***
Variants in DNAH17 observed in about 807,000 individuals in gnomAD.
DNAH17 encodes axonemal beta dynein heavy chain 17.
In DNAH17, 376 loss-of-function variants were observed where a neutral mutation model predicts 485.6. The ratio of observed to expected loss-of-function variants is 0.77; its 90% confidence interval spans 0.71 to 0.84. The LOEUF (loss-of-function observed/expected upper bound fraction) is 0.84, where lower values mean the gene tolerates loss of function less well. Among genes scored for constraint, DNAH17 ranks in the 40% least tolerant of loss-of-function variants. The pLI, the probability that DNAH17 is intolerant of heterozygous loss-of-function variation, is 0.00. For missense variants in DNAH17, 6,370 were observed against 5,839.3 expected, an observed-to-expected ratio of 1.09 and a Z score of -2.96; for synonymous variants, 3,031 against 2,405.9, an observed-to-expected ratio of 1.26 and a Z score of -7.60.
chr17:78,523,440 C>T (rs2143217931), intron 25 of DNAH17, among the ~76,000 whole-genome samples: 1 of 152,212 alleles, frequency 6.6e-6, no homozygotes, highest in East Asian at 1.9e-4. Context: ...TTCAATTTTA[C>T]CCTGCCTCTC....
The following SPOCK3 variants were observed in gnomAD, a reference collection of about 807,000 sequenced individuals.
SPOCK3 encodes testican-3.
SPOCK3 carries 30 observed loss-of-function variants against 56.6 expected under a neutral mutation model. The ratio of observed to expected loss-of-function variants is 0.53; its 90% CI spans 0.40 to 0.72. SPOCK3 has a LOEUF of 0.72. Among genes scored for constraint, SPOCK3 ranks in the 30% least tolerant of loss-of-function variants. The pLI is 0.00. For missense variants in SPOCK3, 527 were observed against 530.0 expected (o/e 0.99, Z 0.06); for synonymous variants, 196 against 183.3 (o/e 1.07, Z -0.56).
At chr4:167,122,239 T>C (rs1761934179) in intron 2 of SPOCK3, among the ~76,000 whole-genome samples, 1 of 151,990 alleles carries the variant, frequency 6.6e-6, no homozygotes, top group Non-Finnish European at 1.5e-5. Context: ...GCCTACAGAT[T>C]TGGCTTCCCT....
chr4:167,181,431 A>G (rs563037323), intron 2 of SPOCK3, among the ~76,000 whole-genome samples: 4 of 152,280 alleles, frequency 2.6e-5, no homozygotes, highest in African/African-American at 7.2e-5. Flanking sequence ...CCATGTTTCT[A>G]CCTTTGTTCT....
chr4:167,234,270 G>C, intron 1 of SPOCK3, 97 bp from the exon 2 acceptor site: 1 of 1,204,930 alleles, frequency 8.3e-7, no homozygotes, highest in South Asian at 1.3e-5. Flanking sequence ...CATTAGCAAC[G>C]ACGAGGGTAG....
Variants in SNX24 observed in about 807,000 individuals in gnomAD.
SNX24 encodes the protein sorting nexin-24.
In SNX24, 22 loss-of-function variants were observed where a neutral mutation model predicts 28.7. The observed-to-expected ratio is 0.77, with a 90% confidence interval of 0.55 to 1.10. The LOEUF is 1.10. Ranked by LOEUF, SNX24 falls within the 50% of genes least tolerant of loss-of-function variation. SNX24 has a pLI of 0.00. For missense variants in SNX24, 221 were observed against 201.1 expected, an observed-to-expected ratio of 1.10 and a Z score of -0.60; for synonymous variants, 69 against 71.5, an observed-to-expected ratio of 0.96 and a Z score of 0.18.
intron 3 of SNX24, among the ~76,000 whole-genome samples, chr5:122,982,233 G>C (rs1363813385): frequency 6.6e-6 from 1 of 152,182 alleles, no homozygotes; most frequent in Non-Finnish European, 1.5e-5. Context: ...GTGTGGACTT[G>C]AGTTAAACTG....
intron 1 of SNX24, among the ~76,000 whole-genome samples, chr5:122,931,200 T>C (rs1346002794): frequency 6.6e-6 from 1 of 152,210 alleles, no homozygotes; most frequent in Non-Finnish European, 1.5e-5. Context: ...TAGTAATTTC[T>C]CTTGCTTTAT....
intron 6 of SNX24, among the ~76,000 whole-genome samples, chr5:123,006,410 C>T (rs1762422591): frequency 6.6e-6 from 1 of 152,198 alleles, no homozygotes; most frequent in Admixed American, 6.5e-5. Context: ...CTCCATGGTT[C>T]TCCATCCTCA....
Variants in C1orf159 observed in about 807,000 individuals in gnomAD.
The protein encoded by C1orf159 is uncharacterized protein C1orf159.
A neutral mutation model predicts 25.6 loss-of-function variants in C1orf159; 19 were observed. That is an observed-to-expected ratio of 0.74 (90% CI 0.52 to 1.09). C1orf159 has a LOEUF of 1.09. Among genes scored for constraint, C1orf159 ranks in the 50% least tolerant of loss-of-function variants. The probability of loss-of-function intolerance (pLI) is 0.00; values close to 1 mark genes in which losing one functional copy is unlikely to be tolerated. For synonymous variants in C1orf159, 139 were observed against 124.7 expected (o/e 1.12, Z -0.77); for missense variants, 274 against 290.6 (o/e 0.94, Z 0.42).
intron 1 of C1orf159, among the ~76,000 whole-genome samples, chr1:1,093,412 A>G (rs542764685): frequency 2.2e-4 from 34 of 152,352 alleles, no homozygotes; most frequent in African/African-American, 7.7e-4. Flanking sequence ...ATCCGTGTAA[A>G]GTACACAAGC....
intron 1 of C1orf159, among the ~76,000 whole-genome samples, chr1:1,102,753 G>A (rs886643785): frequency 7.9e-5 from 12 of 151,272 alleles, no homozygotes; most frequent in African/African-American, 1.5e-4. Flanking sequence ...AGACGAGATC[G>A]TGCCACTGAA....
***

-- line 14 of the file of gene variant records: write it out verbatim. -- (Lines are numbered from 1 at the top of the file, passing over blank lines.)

intron 3 of SNX24, among the ~76,000 whole-genome samples, chr5:122,982,233 G>C (rs1363813385): frequency 6.6e-6 from 1 of 152,182 alleles, no homozygotes; most frequent in Non-Finnish European, 1.5e-5. Context: ...GTGTGGACTT[G>C]AGTTAAACTG....